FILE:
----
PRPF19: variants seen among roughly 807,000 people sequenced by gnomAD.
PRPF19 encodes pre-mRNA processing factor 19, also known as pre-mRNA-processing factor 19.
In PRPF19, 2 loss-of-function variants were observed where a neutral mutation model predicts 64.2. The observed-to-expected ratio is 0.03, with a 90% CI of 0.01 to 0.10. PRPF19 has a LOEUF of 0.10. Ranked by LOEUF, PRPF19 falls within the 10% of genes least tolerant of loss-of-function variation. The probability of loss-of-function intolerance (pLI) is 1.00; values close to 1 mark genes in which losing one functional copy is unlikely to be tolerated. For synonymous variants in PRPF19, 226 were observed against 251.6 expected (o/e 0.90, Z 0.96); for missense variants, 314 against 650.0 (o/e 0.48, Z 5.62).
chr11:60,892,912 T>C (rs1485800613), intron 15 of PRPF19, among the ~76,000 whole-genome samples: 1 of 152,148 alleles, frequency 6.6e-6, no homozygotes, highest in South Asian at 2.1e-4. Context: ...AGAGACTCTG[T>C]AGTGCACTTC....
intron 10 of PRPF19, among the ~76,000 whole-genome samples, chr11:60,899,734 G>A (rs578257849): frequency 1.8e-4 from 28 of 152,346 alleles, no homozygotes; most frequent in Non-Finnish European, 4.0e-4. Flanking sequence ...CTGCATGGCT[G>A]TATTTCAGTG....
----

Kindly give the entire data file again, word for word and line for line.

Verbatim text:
PRPF19: variants seen among roughly 807,000 people sequenced by gnomAD.
PRPF19 encodes pre-mRNA processing factor 19, also known as pre-mRNA-processing factor 19.
In PRPF19, 2 loss-of-function variants were observed where a neutral mutation model predicts 64.2. The observed-to-expected ratio is 0.03, with a 90% CI of 0.01 to 0.10. PRPF19 has a LOEUF of 0.10. Ranked by LOEUF, PRPF19 falls within the 10% of genes least tolerant of loss-of-function variation. The probability of loss-of-function intolerance (pLI) is 1.00; values close to 1 mark genes in which losing one functional copy is unlikely to be tolerated. For synonymous variants in PRPF19, 226 were observed against 251.6 expected (o/e 0.90, Z 0.96); for missense variants, 314 against 650.0 (o/e 0.48, Z 5.62).
chr11:60,892,912 T>C (rs1485800613), intron 15 of PRPF19, among the ~76,000 whole-genome samples: 1 of 152,148 alleles, frequency 6.6e-6, no homozygotes, highest in South Asian at 2.1e-4. Context: ...AGAGACTCTG[T>C]AGTGCACTTC....
intron 10 of PRPF19, among the ~76,000 whole-genome samples, chr11:60,899,734 G>A (rs578257849): frequency 1.8e-4 from 28 of 152,346 alleles, no homozygotes; most frequent in Non-Finnish European, 4.0e-4. Flanking sequence ...CTGCATGGCT[G>A]TATTTCAGTG....